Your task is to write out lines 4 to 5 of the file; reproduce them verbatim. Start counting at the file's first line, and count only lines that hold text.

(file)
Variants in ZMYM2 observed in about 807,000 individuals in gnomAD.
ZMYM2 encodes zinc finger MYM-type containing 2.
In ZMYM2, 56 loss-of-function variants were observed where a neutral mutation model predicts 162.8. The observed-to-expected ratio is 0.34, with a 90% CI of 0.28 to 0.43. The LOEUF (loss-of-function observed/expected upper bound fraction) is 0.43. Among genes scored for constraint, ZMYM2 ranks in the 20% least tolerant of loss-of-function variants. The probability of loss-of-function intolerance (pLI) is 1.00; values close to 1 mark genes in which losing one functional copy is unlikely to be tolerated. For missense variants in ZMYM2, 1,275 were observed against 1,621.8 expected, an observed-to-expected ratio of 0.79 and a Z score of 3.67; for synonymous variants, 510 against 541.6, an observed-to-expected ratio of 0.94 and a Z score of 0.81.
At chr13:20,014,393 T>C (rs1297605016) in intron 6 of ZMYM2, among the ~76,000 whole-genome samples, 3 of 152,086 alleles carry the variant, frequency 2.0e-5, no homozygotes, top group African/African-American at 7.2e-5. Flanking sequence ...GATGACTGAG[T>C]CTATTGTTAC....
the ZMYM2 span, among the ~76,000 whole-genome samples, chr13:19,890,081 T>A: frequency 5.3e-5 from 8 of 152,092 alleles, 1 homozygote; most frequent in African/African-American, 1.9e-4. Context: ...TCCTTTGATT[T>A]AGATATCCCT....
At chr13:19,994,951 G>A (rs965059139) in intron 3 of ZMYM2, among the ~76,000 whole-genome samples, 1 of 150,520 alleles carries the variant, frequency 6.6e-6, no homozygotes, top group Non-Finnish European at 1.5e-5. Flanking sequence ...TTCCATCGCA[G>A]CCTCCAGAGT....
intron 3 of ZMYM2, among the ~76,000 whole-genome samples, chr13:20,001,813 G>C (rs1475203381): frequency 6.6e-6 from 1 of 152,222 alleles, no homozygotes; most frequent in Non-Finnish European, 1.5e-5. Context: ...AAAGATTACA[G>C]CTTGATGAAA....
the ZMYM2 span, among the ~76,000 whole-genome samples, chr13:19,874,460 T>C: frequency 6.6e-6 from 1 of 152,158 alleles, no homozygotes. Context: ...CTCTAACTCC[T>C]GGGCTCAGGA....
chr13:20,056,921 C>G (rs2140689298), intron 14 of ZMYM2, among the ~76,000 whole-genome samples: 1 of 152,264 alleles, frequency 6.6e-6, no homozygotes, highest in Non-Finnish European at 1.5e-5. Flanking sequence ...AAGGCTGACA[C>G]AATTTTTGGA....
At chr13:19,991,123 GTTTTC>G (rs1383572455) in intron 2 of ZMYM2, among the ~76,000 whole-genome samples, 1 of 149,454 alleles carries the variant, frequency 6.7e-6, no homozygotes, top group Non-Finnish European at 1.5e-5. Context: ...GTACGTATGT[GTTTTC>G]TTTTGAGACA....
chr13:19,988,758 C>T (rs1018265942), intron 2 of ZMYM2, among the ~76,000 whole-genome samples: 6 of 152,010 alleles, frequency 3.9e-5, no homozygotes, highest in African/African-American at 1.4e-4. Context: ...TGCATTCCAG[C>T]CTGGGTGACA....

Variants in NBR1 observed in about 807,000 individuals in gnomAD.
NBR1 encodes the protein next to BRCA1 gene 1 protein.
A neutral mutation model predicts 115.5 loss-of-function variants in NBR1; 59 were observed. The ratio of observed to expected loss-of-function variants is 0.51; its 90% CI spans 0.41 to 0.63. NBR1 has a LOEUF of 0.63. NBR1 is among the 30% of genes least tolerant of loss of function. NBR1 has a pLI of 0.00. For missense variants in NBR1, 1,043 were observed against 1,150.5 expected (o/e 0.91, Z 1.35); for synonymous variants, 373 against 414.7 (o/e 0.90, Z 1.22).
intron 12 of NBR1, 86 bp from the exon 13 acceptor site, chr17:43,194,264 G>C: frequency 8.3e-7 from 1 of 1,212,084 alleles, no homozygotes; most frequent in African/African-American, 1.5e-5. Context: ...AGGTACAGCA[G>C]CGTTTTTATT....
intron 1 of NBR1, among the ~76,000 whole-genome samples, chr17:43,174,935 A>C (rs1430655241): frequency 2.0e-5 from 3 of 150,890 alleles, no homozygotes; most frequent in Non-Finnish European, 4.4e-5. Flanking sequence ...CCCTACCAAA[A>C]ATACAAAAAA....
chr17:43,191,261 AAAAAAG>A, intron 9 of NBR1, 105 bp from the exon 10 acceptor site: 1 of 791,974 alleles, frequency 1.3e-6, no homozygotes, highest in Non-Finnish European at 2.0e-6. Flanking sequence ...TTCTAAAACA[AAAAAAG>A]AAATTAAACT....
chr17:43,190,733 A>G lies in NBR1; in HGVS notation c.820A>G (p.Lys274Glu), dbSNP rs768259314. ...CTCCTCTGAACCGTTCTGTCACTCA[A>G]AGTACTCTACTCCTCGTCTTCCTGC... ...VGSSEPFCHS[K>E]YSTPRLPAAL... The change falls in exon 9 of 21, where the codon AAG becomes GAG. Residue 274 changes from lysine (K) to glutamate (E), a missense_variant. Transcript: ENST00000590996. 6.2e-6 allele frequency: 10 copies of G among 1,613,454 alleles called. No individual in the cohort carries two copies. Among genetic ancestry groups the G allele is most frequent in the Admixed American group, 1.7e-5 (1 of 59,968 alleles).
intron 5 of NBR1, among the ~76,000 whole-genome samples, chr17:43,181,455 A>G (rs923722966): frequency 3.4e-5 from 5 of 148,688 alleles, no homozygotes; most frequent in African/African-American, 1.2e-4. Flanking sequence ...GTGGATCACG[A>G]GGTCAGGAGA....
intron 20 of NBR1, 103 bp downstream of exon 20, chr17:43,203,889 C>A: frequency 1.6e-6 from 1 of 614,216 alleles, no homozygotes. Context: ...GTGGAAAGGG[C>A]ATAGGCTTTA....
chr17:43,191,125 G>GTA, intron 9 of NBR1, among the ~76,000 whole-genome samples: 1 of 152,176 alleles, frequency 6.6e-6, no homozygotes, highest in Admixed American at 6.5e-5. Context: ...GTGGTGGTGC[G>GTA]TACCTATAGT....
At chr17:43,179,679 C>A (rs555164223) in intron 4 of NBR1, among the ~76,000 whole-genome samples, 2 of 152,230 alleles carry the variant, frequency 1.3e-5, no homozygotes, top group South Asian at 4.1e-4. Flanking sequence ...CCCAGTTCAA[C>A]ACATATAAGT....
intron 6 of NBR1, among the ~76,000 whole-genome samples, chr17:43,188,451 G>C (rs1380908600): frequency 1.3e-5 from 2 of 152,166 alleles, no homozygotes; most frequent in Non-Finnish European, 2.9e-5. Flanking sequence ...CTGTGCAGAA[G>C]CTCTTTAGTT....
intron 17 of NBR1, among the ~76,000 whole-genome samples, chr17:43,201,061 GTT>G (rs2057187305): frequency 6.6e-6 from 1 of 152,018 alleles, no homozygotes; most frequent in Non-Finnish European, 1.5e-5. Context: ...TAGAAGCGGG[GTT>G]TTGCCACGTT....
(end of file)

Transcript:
At chr13:20,014,393 T>C (rs1297605016) in intron 6 of ZMYM2, among the ~76,000 whole-genome samples, 3 of 152,086 alleles carry the variant, frequency 2.0e-5, no homozygotes, top group African/African-American at 7.2e-5. Flanking sequence ...GATGACTGAG[T>C]CTATTGTTAC....
the ZMYM2 span, among the ~76,000 whole-genome samples, chr13:19,890,081 T>A: frequency 5.3e-5 from 8 of 152,092 alleles, 1 homozygote; most frequent in African/African-American, 1.9e-4. Context: ...TCCTTTGATT[T>A]AGATATCCCT....